It’s getting to be that time of year again, when we’re confronted with that age-old dilemma of what’s deductible and what’s not. Fear no more, Suzette Flemming, owner of Flemming Business Services sets us straight in the following article regarding the top 10 do’s and don’ts of business-related tax deductions and expenses.
Is this deductible?
By Suzette Flemming
In some cases the IRS is very specific and detailed in describing what you can and cannot deduct, however, most of the items fall under their Ordinary and Necessary rule.
An ordinary expense is an item that is common and accepted in your business.
A necessary expense is a purchase that is helpful and appropriate to your business but doesn’t need to be crucial to your business.
Keep in mind what is ordinary and necessary for one business isn’t necessarily ordinary and necessary for another.
Top 10 Forgotten Deductions
- Mileage – Traveling to a client’s place of business, picking up office supplies, and other business related miles can be deducted at a rate of 40.5 cents per mile for January via August of 2005 and 48.5 for September via December 2005.
- Telephone – Any phone line dedicated to your business may be deducted including cell phones, pagers and fax lines.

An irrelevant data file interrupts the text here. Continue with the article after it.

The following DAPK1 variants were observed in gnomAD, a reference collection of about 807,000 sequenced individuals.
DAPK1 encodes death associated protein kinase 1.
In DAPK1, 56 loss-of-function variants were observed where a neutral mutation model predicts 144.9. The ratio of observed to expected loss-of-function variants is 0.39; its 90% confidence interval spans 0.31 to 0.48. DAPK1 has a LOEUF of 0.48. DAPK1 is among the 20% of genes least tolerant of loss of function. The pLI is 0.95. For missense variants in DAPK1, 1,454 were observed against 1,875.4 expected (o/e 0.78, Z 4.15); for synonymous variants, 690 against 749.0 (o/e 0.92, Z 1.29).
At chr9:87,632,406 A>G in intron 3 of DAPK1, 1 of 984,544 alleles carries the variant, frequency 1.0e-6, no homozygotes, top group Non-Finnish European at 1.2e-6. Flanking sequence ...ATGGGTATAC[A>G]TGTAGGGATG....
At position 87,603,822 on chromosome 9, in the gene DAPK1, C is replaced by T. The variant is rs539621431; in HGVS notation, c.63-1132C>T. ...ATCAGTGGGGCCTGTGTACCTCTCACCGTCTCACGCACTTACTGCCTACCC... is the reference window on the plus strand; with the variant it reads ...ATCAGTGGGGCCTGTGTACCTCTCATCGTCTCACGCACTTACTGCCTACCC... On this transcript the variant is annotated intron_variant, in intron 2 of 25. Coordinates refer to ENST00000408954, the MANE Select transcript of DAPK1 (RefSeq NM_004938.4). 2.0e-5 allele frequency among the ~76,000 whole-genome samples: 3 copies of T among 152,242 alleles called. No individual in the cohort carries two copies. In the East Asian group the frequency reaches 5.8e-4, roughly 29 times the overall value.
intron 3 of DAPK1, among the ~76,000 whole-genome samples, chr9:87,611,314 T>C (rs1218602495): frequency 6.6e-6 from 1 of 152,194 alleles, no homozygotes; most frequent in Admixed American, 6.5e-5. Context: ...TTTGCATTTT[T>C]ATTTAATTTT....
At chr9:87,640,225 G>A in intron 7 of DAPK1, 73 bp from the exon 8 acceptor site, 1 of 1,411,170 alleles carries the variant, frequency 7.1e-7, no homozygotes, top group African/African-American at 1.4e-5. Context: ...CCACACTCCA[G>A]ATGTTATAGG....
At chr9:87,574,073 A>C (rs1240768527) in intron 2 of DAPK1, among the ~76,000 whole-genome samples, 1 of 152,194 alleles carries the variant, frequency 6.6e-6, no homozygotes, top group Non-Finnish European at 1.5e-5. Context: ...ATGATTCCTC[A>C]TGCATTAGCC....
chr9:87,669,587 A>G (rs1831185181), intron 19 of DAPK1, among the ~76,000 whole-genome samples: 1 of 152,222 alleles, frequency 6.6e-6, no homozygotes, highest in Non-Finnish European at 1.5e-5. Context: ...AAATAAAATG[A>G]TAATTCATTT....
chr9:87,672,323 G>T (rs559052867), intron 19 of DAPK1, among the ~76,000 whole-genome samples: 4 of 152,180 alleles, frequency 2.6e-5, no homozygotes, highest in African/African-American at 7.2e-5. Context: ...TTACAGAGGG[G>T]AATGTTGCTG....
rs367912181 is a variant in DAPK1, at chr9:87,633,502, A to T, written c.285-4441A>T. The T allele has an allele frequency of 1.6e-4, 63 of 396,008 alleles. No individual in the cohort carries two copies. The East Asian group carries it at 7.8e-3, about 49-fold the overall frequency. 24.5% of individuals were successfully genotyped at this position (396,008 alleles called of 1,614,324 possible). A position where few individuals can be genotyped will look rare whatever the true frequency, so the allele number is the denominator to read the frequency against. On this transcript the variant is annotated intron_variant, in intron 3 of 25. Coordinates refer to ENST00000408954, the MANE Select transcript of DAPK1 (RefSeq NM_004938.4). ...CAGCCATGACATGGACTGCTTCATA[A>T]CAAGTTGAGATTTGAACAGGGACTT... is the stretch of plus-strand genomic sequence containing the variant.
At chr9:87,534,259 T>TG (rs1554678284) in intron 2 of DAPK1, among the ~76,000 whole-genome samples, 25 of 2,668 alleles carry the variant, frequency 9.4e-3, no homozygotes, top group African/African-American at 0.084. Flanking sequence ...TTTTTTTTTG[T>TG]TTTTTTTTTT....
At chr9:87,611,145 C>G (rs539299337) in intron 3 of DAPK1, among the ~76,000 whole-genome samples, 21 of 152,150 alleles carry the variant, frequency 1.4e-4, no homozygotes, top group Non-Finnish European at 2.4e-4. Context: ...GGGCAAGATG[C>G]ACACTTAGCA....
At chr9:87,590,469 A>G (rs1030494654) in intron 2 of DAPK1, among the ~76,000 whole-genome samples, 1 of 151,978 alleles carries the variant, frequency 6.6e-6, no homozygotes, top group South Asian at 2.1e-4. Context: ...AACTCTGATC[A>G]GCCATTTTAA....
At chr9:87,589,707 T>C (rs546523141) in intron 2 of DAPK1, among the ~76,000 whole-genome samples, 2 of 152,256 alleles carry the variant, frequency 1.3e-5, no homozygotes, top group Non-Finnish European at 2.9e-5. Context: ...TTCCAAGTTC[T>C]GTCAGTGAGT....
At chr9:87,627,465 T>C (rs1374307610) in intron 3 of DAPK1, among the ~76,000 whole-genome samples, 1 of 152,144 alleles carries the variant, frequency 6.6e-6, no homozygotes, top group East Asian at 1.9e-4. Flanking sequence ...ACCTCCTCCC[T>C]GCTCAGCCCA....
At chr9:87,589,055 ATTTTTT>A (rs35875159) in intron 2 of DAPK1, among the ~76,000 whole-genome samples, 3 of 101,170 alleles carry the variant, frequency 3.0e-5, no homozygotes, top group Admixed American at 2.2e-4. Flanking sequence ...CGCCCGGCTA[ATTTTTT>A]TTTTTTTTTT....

- Equipment – You can deduct up to $105,000 (for 2005) in equipment in the same year you purchase the items using a Section 179 deduction. This is takes the place of depreciation.
To learn about the rest of the deductions click here.
Top 10 Non-Deductible Expenses
- Mileage – Miles traveled commuting to your office isn’t deductible. Likewise, miles traveled for personal errands while also traveling for business purposes can’t be deducted. For example, if you go to the post office to mail business papers, stop at the grocery store for dinner, drop by the office supply store then return to the office, the miles from the post office to the grocery store are not deductible.
- Telephone – The charges for the main phone line coming into your home (if you work from home) cannot be deducted. Any long distance charges related to your business can be, however.
- Equipment – You cannot use the Section 179 deduction if you have claimed depreciation on a piece of equipment in prior years. The depreciation must continue for that piece of equipment.
To learn about more non-deductibles click here.
Since 1994, Suzette Flemming, owner and CEO of Flemming Business Services has been assisting service corporations, e-commerce start-ups and non-profits in untangling their finances and providing clear financial direction.